• 2 litres full cream milk
  • 3 tablespoons strained lemon juice

Boil the milk, making sure that it just reaches boiling point and doesn’t develop a skin or begin to froth. Stir occasionally while doing this. Turn off the heat, add the lemon juice and stir about until curds and whey separate. Leave it for 5 minutes, then tip into a muslin lined strainer over a bowl. The bowl will collect the whey. Wrap the curds tightly in the cloth, making a flattish shape, then place in the fridge on a plate with a heavy weight on top. Keep the whey and store in a bottle. The curd will be ready to use in 3 hours. Cut as required.

The pics below show the stages of paneer making. The whole process takes less than 10 minutes. The result is worth it.

The following chart gives an approximate guide of yield of paneer ( curd cheese) to milk. I used 1 litre of full cream milk for my most recent batch which produced 130 gr of paneer, enough for a large curry for two. The time before, my batch of 2 litres of milk produced a yield of 260 gr which is consistent, using full fat generic brand supermarket milk . UHT milk is not recommended. 

An approximate guide to yield of curd from milk. Use this chart to reduce or increase the recipe for paneer as required. Chart courtesy of Kurma Dasa. Who remembers cooking with Kurma?

For Maree Tink, who also enjoys making Muttar Paneer.

Silver Beet Paneer: Curry for a Cold Snap

OLYMPUS DIGITAL CAMERAWe have been forced back indoors. Today, at the height of Spring, a cold front blew in¬†and the temperature plummeted to 8.5 celsius. That’s Melbourne for you.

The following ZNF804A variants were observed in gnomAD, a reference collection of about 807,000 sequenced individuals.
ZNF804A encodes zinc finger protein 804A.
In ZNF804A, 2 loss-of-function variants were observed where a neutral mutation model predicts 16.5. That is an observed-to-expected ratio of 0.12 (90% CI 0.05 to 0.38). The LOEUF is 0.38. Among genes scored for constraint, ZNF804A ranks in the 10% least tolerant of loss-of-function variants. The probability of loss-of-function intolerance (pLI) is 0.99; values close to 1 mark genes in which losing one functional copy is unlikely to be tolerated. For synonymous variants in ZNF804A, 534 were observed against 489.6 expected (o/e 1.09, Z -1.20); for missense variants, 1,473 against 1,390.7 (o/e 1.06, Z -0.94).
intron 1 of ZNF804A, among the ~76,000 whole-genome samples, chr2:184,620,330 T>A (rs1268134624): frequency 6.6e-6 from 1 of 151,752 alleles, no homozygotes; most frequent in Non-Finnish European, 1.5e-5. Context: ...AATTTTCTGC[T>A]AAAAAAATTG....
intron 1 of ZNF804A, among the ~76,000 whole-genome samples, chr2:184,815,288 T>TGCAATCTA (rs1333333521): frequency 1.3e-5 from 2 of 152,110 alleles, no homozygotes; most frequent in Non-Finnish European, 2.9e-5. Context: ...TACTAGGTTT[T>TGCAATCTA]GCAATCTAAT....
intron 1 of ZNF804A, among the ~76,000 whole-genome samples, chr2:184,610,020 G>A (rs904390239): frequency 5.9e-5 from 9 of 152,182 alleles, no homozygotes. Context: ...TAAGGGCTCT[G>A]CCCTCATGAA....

Yesterday afternoon was a different story. I felt like Mortisha in my Melbourne black: the hot sun beat down on my layered clothing, making the post- prandial walk quite uncomfortable. For those readers who live anywhere in the world but Melbourne, I should mention that Melbournians favour black dressing.

We had lunched at the Woodlands Hotel, a quirky hotel with an unusual menu, in Sydney Road, Coburg. We were merrily celebrating a birthday and enjoying a post- Bali get together when I noticed Madame Rosalie’s curry, a play on that Indian classic,¬†Muttar Paneer, only substituting silverbeet and broad beans for the peas. What a brilliant idea! These seasonal vegetables have reached plague proportions in my garden. Today I’m making a silver beet¬†Paneer curry, then next week, the Muttar Paneer, substituting broad beans for regular peas, using the same curry base as below.

Silverbeet Paneer

Ingredients.

  • A big bunch of young silver beet
  • 1 tablespoon vegetable oil or ghee
  • 1 tomato, diced
  • 1 medium onion, finely chopped
  • 3 garlic cloves, finely¬†chopped
  • 2cm piece of ginger, finely chopped
  • 1 teaspoon ground coriander
  • 1 teaspoon ground cumin
  • 1/2 teaspoon chilli powder
  • 1/2 teaspoon garam masala
  • 1/2 teaspoon salt
  • 1 teaspoon sugar
  • 120 ml thickened cream, (or whey from paneer¬†or yoghurt¬†making, as well as some cream)
  • 200gr paneer, cut into 2cm square cubes, either purchased or homemade.

Method.

Strip leaves from silver beet and add to a large pan, and add a little water. (Use stalks for another recipe). Cook quickly until the leaves are wilted but still vibrant looking. Drain, and squeeze out as much moisture as you can.OLYMPUS DIGITAL CAMERA

Meanwhile in a heavy based pot, heat oil or ghee, then add onion, garlic and ginger and cook until the onion has softened. Add the chopped tomato, and spices (except garam masala) . Stir for 30 seconds, then add a little whey or cream to loosen. Add the silver beet leaves, salt and sugar, and the rest of the cream.  Cook on low heat for a few minutes, stirring. When cooler, use an immersion blender and puree the mixture.

OLYMPUS DIGITAL CAMERAReturn to the stove, heat gently, then add the chopped paneer and the garam masala. Swirl through a little more cream when serving.

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This dish is ample for four, with rice, assuming that there is another dish, such as dhal or another curry, and raita.

Just like the cucina povera of Italy, Indian food costs little to make. The ingredients came from the garden or the pantry. ¬†The blow out was the purchased paneer. ¬†Next time, I’ll make my own.

Footnote: this tastes even better the next day!